As the #MeToo movement evolves, so do our conversations. We’ve gone from just calling out predators to thinking about bigger questions like, what does consent look like, really? Does dating need to change? And what kind of consequences should abusers face? Oh, and a growing number of men are apparently unsure about how to interact with women now. Sigh. But amid this (admittedly complicated) discourse, Olivia Munn’s interviews about her newest movie, The Predator, are a guiding light.
Munn’s interviews aren’t about the movie, exactly. Instead, they’ve been focusing on the fact that the actor spoke up about a #MeToo moment that hit a little too close to home—or, well, soundstage, as the case may be. Last Thursday, the Los Angeles Times broke the story that The Predator‘s director, Shane Black, had knowingly hired Steven Wilder Striegel, a long-time friend of his and a registered sex offender, for a scene in the movie—and that Munn reported the situation to Fox as soon as she found out. The studio cut Striegel’s scene immediately and Black later apologized.
You’d think her co-workers would consider Munn a hero for speaking up, but she says she felt like that wasn’t the case. After the movie’s premier, she told Vanity Fair that speaking up left her feeling isolated from the rest of the cast, because at the time, none of them had reached out to her, offered her support or validated her action by speaking to the the Los Angeles Times, which she encouraged them to do.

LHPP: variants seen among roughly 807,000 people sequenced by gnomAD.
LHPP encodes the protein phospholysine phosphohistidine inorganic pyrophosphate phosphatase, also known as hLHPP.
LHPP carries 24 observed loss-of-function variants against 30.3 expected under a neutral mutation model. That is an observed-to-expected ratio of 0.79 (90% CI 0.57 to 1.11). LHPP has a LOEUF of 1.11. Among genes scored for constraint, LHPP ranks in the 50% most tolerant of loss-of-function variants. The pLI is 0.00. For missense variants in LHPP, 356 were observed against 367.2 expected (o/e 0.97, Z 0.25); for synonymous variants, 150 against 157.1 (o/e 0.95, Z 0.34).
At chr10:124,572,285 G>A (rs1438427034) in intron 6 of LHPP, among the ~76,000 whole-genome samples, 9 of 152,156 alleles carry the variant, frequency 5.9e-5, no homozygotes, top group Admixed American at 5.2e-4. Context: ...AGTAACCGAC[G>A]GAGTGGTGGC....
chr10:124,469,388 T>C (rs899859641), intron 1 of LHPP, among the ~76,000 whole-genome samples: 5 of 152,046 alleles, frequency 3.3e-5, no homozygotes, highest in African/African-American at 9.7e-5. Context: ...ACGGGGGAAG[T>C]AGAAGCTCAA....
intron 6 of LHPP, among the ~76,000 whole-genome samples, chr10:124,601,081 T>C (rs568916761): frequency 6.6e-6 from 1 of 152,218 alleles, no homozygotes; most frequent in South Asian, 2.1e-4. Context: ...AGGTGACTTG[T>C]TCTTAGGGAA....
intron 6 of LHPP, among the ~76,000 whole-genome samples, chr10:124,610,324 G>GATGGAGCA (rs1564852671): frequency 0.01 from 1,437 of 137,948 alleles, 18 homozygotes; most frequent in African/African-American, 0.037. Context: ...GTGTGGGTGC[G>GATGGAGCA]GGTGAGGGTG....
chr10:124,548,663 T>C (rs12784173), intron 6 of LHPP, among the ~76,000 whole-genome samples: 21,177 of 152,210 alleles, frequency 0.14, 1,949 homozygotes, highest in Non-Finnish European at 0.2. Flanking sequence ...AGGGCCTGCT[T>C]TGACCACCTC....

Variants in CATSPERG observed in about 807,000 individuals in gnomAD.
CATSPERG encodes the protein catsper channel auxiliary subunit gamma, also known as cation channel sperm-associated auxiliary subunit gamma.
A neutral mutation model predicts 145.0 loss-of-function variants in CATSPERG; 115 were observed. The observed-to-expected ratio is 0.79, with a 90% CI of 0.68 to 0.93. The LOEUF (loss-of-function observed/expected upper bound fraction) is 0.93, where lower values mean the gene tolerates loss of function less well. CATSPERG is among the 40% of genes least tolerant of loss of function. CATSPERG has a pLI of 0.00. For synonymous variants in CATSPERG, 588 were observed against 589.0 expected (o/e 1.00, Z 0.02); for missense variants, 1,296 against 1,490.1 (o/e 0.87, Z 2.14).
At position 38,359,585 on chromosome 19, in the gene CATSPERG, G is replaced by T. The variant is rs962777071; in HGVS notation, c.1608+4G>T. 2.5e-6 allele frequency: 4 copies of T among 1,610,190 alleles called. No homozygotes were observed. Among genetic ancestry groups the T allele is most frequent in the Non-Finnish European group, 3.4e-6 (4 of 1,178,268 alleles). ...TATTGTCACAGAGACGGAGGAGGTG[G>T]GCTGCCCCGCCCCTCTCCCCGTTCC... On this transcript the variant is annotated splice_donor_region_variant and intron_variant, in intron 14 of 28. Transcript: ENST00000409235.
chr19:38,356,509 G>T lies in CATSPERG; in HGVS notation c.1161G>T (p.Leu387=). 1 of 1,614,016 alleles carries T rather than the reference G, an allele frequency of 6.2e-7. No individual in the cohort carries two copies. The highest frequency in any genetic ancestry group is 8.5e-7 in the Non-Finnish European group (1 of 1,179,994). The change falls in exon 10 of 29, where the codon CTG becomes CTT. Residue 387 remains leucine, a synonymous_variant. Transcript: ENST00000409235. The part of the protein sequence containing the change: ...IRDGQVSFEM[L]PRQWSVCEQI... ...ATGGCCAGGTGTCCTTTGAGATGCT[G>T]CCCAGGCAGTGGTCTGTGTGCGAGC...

“Thank God, honestly, that there is social media because it’s the fans and the news outlets and everybody that is confirming it to me—that what I did was the right thing. Because if I didn’t have that feedback, you’d kind of go a little crazy thinking like, why am I being treated like this?” Munn said. “That’s a lot of times why girls don’t speak up when things happen because they don’t want to be isolated.”
She’s not wrong. Long before #MeToo became a movement, trailblazing women spoke up about their abusers hoping for justice, only to find themselves punished for it. Today, more of those women are opening up again, this time asking us why society didn’t support them then. From Joyce Maynard on J.D. Salinger to Carla Ciccone on Jian Ghomeshi, these women are reminding people that women who call out powerful men have always faced abuse and gaslighting.
For a while, it looked like Munn might follow in these women’s footsteps, until cast member Sterling K. Brown finally commented on Twitter saying, “I’m sorry you’re feeling so isolated, my dear. And I’m sorry you’ve been the only one to speak up publicly.”